• A balanced, polarized range is one against which you can not exploitatively create calling, folding, and raising ranges.
    Due to the nature of polarized ranges, the easy part is raising, which will be just our nut hands.

    To simplify the situation, assume we never have nut hands and always have medium strength hands

    If villain presents us with the range v range situation
    88 42.86% 18 0
    JTs, 6c5c, 9c8c, 6d5d, 9d8d 57.14%
    and bets 4/3 pot, we break even whether we call or fold.
    This is a balanced strategy.

    We make thin value bets (ie merged range) when we find ourselves in a situation most players in the population would bet with a very polarized range, which exploits the tendency of the other players in the population to call w/ medium strength hands in these situations.

    You are not asking the right question in that polarization is just one of the many things about the composition of a range and simply does not provide a sufficiently meaningful description by itself to suggest any specific response-action.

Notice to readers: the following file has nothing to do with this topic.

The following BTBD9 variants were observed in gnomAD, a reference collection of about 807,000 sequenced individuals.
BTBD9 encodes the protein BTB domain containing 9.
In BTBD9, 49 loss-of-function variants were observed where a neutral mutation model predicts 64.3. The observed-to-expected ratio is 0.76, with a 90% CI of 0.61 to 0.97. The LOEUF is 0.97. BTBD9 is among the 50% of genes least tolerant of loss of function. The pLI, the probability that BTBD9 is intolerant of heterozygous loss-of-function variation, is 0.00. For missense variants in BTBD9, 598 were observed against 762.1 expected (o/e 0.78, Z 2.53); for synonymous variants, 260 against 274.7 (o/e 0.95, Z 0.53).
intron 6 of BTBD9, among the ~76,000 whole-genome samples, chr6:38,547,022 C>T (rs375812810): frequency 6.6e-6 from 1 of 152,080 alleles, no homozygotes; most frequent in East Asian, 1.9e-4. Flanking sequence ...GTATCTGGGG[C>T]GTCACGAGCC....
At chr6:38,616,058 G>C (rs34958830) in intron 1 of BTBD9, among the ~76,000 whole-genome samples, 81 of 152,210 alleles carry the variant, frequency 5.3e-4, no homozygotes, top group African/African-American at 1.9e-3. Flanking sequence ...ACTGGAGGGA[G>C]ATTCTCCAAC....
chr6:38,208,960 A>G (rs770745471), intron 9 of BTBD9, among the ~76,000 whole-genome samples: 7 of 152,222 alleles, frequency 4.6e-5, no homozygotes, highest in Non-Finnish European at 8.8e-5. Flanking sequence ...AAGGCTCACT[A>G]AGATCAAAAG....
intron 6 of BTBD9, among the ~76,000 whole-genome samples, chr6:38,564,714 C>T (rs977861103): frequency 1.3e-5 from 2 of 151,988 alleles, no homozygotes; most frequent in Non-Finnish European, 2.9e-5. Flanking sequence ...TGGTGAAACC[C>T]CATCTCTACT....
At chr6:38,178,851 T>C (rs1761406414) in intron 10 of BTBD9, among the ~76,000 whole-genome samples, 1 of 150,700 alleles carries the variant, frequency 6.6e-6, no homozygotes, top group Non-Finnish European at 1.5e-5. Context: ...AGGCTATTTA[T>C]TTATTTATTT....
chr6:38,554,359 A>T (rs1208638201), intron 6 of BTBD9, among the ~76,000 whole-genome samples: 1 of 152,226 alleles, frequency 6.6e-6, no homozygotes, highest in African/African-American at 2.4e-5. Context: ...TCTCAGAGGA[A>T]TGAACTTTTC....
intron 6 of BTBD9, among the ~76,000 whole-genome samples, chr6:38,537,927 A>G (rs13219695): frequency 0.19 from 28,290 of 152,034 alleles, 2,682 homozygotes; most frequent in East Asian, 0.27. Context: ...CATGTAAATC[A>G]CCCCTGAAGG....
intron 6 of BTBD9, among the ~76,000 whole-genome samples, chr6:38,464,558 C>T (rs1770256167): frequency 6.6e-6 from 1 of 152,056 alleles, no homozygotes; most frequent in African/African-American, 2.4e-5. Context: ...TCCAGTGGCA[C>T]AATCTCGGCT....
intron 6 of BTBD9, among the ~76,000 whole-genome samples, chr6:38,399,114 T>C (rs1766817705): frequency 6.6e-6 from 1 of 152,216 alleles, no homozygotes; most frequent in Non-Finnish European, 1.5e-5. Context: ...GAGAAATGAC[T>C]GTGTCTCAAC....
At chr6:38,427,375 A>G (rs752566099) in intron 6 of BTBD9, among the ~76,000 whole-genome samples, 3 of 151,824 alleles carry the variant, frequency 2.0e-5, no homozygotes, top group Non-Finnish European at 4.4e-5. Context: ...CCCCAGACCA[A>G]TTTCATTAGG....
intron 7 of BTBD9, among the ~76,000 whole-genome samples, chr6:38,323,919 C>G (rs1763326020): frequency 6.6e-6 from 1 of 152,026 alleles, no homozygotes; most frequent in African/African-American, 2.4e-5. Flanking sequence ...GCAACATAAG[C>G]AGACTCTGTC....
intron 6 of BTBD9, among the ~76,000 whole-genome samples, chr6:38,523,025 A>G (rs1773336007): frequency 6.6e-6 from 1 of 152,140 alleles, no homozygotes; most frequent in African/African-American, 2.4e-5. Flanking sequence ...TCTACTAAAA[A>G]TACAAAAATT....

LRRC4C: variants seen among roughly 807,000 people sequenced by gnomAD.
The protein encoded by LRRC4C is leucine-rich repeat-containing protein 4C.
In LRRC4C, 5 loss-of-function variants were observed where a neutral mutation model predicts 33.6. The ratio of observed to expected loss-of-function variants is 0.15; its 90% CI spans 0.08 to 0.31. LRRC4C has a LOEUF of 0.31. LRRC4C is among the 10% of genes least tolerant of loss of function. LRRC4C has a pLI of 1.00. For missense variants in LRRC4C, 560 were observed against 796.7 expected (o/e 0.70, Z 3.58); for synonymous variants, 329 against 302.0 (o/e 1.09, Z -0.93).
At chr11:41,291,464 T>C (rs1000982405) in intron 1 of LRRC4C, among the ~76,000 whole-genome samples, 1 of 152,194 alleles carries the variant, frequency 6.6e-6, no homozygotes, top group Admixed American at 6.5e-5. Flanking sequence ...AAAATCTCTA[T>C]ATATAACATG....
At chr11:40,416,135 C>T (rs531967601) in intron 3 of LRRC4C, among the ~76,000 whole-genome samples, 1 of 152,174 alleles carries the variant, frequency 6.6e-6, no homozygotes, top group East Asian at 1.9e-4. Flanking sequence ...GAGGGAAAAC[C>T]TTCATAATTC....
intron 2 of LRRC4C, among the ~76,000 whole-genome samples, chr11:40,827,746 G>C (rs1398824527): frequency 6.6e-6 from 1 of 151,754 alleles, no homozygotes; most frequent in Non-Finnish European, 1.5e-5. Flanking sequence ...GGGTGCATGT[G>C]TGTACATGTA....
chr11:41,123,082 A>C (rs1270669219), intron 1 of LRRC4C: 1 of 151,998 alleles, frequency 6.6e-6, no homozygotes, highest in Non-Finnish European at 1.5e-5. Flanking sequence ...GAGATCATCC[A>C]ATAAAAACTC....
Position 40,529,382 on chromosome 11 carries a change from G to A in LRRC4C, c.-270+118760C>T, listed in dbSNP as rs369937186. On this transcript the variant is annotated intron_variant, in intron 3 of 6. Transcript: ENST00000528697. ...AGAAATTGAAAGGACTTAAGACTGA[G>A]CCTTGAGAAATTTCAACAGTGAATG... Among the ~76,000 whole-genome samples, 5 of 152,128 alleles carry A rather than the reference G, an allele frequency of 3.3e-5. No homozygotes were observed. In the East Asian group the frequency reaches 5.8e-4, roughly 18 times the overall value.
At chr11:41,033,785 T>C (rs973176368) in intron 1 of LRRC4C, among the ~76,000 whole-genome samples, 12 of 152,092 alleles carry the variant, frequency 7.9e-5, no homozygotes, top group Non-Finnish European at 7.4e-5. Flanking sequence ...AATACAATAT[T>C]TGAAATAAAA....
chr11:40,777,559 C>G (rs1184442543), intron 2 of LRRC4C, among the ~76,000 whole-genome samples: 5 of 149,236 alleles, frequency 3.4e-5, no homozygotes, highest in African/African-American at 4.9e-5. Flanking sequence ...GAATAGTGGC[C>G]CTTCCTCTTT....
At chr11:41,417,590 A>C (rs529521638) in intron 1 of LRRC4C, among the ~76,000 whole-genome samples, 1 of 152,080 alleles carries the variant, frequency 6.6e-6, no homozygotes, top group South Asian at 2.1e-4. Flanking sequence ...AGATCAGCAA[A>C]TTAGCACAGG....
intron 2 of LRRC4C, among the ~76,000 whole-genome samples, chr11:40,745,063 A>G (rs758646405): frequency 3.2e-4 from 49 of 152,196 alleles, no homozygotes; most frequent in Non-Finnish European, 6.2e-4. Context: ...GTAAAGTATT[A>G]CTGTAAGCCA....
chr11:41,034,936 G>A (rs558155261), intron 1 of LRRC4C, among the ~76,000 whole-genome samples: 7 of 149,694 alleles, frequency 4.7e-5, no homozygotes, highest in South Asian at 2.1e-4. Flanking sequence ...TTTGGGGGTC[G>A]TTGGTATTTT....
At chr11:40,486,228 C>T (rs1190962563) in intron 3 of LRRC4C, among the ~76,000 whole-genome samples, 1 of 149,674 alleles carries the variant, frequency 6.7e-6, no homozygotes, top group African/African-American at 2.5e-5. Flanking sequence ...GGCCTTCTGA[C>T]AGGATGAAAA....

• TDF Posts: 1,130Subscriber
    staaaaalin said
    Due to the nature of polarized ranges, the easy part is raising, which will be just our nut hands.
    Theoretically we can bluff raise polarized range weighted towards bluffs if we don't have showdown value.
  • TDF Posts: 1,130Subscriber
    staaaaalin said
    polarization is just one of the many things about the composition of a range and simply does not provide a sufficiently meaningful description by itself to suggest any specific response-action.
    Apart from not raising medium strength hands.
  • UntreatableFPS Posts: 1,004Subscriber